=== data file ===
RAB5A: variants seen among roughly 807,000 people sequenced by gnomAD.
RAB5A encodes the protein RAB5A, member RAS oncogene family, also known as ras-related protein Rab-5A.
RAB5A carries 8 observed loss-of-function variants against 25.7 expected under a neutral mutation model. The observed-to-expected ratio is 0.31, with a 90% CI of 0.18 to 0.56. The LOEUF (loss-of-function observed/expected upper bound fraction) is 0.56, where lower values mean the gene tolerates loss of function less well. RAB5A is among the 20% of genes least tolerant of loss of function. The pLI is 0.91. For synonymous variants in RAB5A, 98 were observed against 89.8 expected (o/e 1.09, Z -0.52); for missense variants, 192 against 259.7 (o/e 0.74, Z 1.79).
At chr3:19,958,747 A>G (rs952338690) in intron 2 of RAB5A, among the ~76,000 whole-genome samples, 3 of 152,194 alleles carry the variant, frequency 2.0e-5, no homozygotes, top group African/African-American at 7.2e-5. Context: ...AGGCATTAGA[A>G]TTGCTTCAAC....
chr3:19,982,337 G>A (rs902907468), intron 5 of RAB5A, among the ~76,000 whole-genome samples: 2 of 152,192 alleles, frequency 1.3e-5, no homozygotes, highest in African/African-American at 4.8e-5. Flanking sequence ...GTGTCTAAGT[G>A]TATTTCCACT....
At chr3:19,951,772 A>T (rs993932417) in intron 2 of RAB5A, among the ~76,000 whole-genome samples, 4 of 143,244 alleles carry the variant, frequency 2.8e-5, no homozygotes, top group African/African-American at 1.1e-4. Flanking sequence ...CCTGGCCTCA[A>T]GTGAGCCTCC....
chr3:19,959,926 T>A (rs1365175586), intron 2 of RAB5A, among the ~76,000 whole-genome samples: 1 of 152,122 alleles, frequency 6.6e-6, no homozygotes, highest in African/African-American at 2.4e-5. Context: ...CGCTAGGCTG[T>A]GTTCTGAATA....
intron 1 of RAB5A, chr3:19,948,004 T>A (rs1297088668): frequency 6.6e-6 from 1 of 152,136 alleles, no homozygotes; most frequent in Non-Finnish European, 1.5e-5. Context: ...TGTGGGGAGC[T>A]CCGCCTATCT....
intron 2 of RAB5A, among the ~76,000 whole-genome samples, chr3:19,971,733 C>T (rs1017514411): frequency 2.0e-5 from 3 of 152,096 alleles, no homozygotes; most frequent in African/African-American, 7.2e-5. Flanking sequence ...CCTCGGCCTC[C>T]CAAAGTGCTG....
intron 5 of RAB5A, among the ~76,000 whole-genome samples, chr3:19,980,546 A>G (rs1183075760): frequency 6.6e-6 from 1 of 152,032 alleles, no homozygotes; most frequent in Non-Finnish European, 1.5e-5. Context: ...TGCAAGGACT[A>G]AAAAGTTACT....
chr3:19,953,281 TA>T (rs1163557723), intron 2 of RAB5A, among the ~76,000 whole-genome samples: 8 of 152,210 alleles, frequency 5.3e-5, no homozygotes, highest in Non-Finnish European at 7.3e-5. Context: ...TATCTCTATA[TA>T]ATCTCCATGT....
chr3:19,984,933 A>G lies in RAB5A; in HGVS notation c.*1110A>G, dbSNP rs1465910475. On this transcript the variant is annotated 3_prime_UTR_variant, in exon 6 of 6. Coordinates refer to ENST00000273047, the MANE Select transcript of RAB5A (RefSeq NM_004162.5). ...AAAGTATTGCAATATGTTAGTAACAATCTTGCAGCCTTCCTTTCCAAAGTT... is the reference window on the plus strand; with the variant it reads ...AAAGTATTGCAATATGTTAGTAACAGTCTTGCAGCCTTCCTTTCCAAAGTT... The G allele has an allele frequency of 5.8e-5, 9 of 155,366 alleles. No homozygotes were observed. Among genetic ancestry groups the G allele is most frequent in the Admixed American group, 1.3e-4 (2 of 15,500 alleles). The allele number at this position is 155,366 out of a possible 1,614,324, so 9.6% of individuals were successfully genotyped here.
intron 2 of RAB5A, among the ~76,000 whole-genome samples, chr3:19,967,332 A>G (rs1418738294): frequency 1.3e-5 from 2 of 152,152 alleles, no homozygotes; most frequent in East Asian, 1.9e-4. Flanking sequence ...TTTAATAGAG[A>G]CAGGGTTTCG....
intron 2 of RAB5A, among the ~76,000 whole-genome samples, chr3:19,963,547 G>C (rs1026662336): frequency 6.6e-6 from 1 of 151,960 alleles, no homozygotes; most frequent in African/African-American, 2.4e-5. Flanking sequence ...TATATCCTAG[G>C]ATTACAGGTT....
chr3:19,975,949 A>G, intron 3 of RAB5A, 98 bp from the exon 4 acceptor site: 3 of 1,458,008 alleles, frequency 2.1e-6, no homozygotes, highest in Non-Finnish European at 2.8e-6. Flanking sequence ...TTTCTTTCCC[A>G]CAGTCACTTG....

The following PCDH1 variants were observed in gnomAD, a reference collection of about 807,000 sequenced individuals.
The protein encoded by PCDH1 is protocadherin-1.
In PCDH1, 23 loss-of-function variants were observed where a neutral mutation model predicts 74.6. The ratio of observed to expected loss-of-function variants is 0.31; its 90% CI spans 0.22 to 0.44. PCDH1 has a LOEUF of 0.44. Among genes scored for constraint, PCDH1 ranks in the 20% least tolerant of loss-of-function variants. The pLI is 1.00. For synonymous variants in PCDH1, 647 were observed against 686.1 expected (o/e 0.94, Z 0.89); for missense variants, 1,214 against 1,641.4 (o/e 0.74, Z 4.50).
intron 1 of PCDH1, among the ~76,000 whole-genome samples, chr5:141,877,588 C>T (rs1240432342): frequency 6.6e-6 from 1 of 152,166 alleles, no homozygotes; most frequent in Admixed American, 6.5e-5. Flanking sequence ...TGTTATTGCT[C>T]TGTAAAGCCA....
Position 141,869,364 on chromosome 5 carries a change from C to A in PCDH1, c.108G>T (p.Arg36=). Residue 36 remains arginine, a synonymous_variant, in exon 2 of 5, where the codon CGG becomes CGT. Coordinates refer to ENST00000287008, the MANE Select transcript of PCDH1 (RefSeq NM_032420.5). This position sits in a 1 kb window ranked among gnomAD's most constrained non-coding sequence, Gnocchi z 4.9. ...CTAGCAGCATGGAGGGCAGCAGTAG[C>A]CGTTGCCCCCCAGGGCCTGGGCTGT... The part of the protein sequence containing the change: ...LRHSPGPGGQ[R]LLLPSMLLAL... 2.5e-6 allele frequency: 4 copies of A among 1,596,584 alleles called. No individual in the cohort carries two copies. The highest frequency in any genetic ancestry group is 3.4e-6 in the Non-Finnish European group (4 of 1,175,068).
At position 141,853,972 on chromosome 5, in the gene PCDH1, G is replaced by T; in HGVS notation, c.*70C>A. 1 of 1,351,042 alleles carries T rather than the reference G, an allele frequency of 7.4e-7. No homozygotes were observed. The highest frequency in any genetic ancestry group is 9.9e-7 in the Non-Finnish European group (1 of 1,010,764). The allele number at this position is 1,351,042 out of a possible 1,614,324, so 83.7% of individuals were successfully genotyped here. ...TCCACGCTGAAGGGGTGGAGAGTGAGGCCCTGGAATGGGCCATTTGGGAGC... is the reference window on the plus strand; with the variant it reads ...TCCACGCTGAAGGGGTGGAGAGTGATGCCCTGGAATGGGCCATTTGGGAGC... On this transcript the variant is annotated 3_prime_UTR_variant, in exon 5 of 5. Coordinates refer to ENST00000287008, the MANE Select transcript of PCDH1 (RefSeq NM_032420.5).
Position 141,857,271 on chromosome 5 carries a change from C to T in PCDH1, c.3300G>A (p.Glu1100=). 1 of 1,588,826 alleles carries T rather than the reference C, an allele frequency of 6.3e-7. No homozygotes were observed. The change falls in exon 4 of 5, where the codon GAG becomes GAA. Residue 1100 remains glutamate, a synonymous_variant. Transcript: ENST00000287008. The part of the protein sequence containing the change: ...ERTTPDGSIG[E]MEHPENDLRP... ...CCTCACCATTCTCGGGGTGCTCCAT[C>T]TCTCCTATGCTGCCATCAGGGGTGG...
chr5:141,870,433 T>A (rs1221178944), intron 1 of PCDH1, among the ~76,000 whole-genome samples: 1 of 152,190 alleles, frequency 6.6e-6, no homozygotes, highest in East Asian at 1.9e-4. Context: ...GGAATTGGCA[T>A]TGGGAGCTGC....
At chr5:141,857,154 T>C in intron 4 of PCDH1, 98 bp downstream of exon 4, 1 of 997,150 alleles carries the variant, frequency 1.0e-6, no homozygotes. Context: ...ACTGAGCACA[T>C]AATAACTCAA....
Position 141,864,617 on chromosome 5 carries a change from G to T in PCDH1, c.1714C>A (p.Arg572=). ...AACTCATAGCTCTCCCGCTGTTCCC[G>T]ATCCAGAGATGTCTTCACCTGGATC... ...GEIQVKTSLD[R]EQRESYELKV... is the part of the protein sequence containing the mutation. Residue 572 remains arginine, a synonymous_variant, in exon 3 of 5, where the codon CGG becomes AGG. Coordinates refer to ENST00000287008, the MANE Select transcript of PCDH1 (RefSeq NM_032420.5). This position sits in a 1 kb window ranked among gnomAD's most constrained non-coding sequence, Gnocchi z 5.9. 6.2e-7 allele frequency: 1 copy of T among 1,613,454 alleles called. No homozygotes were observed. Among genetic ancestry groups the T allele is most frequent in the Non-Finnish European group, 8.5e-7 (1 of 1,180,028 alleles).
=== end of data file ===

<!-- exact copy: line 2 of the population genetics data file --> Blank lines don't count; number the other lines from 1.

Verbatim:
RAB5A encodes the protein RAB5A, member RAS oncogene family, also known as ras-related protein Rab-5A.